‘Clytemnestra, Electra and their own words’ – House of Names
Colm Tóibín engages seriously and intelligently with Aeschylus’s trilogy, giving voices to women whose stories were not told House of Names
By Colm Tóibín Viking, £14.99
Acouple of years back, rumours circulated in London’s theatreland of a star-studded “Irish” version of the Oresteia trilogy in the offing: a large-scale project, involving separate commissions from three different Irish writers, under the direction of a prominent Irish actor- director. The prospect was eagerly anticipated; despite the obvious thematic parallels between Ireland’s history and Aeschylus’s tragedy of revenge and retribution, there has only been one, largely forgotten, Irish Oresteia: the Longfords’ version staged at the Gate Theatre by Edwards and Mac Liammóir in the 1930s.
It may well have been the glut of Oresteias in 2015 – at the Almeida, the Globe and Manchester Royal Exchange – that put this Irish project on the back burner. But clearly all was not lost. Just as Marina Carr, one of the rumoured writers, is scheduled to stage her version of Clytemnestra next year at London’s Tricycle Theatre, so now Tóibín, another of the alleged trio, shares his serious and intelligent engagement with Aeschylus’s trilogy in his latest novel, House of Names.
The title is suggestive – alluding, perhaps, to those baffling family trees of the House of Atreus that accompany the printed texts and programme notes of Aeschylus’s play. But equally, as a political thriller of intrigues and subterfuge set in ancient Argos/ Mycenae (with the occasional nod to Ireland itself, with the reference to “the troubles” and the myth of Lir), it recalls the TV miniseries House of Cards. Halfway through the novel, Electra aptly calls the palace this “house of shadows”, a twilight world where nothing is simply surface deep.
If Aeschylus’s world expands outwards to the cosmos in accordance with Zeus’s plan, Tóibín’s claustrophobic and godless world of whispering galleries expands down corridors and, especially, below stairs – to dungeons, to underground caverns, where unspeakable crimes are committed by the tyrants who preside over this “house of shadows”. This is a world of oppressive heat tainted by the “sugary smell” of death, the stench of human excrement, blood and innards.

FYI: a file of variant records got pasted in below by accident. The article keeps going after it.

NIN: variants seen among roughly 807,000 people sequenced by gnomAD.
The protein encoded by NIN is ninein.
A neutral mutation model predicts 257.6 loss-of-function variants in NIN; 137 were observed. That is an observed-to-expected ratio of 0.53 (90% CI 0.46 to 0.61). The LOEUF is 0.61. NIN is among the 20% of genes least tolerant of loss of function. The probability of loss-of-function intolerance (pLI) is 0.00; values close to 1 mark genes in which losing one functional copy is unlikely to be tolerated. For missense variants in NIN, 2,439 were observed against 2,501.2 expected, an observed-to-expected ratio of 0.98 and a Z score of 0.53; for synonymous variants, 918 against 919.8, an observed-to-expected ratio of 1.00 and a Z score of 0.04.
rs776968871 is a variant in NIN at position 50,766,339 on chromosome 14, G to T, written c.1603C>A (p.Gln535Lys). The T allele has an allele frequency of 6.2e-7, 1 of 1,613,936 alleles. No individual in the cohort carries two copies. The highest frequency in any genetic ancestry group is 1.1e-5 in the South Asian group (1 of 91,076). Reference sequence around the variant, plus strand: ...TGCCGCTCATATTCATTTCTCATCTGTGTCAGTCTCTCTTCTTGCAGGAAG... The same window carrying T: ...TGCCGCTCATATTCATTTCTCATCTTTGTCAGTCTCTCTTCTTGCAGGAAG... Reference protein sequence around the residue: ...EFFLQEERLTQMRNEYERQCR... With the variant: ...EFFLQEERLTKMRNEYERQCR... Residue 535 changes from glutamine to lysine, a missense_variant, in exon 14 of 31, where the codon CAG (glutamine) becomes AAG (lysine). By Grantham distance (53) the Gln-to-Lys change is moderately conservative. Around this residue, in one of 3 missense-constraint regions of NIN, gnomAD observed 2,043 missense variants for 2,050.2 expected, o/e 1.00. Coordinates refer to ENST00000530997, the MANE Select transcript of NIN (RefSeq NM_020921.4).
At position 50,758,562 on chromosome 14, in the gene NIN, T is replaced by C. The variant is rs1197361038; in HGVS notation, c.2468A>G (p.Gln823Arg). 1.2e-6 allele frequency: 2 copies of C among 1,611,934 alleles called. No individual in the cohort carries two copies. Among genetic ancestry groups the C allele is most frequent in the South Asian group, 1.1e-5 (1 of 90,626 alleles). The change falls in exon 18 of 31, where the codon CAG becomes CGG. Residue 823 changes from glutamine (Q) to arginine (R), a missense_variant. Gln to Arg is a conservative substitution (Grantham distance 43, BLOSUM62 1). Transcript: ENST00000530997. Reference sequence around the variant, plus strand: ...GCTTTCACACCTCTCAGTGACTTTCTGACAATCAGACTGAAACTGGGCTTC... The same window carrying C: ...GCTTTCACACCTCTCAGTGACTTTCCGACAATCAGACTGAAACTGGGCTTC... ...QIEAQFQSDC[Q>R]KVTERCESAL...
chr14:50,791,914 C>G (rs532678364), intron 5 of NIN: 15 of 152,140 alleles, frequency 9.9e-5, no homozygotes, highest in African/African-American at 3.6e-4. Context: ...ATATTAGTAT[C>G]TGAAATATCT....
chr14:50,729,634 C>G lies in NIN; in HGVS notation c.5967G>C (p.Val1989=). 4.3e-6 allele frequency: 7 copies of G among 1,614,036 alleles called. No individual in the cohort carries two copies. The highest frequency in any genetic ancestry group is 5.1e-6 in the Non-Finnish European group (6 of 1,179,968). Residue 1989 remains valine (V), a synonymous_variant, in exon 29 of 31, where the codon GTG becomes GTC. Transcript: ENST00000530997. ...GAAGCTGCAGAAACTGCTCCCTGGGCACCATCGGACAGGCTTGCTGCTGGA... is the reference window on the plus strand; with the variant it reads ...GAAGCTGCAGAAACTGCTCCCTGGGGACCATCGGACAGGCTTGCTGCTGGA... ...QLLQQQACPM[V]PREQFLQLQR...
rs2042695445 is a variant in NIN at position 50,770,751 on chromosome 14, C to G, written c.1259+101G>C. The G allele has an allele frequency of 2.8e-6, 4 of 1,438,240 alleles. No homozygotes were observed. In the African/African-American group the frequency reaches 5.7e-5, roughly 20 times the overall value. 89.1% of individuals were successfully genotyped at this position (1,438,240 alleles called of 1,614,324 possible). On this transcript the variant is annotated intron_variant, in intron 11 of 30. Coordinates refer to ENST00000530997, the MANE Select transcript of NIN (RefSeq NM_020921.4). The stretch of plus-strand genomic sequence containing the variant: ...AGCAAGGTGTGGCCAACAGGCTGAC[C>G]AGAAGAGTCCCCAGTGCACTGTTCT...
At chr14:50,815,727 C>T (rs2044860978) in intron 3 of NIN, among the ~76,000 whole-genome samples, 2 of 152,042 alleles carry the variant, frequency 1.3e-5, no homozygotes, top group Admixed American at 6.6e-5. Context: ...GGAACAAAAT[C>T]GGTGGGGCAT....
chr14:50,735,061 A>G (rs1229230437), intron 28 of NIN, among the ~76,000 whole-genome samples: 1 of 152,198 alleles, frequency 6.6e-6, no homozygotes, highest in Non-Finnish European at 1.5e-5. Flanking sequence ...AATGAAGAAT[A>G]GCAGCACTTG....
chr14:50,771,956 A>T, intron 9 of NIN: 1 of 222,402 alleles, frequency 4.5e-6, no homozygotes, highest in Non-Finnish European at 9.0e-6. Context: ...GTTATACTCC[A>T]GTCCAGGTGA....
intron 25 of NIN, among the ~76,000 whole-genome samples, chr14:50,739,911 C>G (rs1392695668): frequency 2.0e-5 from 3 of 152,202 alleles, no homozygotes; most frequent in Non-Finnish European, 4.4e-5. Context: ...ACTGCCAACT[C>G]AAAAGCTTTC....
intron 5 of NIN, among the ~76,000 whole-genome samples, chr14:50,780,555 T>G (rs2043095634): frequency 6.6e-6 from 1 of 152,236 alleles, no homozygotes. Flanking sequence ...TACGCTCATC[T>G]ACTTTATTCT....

As in Aeschylus’s trilogy we enter a world of perverted religious sacrifice – the world of the abattoir. Following the return of the Greeks from Troy, civil war descends upon the countryside, and packs of ravenous dogs prey upon the surviving population; and in the atavistic world of politics, human victims are subjected to the animal desires of predatory leaders.
Clytemnestra’s story is never told in the extant Greek plays. Here in Tóibín’s novel, we hear Clytemnestra’s version first, and in her own voice. She begins, imaginatively at least, standing over the corpses of Agamemnon and Cassandra, echoing that thrilling and deeply shocking, exultant speech that provides the climax of Aeschylus’s first play: “Maybe the smell [of death] has entered my body and been welcomed there like an old friend come to visit . . . It is my constant companion; it has put life into my eyes, eyes that grew dull with waiting . . . ” And the taste of death has given her ravenous appetite for more: “. . . it fills the soul with satisfaction that is fierce and then luscious enough to create a taste for further satisfaction.”